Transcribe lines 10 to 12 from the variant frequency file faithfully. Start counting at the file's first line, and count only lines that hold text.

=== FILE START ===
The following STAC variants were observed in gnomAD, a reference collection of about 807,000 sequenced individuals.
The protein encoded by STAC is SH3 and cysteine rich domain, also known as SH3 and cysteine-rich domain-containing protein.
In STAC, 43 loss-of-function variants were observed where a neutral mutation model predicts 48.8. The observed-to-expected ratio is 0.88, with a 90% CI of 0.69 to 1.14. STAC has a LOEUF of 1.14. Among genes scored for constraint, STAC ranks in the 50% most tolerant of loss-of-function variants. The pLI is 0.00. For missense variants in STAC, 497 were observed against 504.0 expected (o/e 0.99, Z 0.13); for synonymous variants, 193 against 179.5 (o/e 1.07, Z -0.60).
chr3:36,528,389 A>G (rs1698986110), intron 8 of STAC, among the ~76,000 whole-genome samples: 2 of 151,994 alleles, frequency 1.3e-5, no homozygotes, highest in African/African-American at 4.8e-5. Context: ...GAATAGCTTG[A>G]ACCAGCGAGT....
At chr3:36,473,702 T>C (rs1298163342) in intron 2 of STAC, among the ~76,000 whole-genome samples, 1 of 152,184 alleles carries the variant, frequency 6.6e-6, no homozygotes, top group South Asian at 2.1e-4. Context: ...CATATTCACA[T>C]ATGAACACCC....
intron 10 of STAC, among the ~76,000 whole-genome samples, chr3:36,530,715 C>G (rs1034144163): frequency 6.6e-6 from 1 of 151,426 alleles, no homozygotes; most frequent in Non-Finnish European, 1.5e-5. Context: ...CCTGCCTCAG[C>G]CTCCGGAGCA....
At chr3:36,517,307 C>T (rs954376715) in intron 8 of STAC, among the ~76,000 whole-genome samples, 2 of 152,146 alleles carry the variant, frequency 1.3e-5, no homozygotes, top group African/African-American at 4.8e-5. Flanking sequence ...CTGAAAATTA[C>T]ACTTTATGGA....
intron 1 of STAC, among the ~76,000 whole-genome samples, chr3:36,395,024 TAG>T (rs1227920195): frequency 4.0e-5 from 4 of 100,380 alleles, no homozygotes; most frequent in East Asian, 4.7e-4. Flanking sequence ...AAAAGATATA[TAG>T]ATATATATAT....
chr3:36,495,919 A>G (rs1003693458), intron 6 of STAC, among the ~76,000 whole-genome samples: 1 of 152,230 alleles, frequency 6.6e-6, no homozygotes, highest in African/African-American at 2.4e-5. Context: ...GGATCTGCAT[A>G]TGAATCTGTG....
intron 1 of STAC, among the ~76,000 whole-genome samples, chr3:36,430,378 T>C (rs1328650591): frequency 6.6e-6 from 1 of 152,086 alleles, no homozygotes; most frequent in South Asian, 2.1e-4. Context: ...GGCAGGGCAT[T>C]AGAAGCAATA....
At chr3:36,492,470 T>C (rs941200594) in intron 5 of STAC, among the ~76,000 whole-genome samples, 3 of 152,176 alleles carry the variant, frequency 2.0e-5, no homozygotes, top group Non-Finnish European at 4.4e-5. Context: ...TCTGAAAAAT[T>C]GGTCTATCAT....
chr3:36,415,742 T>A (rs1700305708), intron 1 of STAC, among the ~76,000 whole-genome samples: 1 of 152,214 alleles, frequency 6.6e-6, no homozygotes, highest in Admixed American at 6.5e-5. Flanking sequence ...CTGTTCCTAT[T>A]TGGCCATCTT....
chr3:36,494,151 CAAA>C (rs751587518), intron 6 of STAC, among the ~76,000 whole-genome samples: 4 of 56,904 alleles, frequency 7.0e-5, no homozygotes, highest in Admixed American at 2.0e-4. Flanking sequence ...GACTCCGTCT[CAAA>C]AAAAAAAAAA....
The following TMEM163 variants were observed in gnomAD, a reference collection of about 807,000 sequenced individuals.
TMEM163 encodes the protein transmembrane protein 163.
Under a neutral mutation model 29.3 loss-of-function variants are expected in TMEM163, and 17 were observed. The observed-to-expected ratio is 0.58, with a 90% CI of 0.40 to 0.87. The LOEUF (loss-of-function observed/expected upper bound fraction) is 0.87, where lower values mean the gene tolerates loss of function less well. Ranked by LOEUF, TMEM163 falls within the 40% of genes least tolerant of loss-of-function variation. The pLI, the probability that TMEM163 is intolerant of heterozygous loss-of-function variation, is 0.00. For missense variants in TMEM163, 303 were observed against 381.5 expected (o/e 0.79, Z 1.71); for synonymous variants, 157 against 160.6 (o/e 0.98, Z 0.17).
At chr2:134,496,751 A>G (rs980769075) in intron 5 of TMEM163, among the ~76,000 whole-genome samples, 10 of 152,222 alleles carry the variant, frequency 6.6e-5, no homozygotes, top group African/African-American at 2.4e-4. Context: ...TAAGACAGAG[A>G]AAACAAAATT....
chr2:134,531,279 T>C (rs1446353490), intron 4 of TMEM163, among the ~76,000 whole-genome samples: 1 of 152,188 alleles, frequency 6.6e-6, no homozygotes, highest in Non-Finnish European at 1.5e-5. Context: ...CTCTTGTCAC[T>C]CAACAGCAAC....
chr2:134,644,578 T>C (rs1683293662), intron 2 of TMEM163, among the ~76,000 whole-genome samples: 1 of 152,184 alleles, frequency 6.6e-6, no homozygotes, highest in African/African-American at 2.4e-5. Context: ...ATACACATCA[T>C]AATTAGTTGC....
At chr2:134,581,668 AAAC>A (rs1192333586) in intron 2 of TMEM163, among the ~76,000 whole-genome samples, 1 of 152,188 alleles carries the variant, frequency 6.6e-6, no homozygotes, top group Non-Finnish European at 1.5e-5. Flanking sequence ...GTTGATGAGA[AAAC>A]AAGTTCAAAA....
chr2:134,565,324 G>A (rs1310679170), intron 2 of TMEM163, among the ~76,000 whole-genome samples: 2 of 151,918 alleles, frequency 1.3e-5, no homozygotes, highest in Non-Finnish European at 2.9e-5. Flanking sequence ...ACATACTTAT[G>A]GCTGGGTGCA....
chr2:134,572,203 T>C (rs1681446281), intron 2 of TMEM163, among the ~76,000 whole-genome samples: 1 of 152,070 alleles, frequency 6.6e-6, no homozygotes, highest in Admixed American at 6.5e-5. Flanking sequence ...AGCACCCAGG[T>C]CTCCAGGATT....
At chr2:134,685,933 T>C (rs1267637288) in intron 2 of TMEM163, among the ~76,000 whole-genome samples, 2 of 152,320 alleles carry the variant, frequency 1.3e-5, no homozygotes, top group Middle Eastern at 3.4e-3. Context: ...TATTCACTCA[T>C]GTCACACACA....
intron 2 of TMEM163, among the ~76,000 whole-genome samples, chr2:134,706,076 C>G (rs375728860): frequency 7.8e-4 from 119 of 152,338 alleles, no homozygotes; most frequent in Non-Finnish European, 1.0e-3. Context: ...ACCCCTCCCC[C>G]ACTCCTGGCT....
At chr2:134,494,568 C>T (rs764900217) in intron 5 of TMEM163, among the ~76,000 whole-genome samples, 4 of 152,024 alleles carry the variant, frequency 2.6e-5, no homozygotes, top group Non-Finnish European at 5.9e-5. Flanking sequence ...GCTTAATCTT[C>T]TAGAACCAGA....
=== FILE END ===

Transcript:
intron 1 of STAC, among the ~76,000 whole-genome samples, chr3:36,430,378 T>C (rs1328650591): frequency 6.6e-6 from 1 of 152,086 alleles, no homozygotes; most frequent in South Asian, 2.1e-4. Context: ...GGCAGGGCAT[T>C]AGAAGCAATA....
At chr3:36,492,470 T>C (rs941200594) in intron 5 of STAC, among the ~76,000 whole-genome samples, 3 of 152,176 alleles carry the variant, frequency 2.0e-5, no homozygotes, top group Non-Finnish European at 4.4e-5. Context: ...TCTGAAAAAT[T>C]GGTCTATCAT....
chr3:36,415,742 T>A (rs1700305708), intron 1 of STAC, among the ~76,000 whole-genome samples: 1 of 152,214 alleles, frequency 6.6e-6, no homozygotes, highest in Admixed American at 6.5e-5. Flanking sequence ...CTGTTCCTAT[T>A]TGGCCATCTT....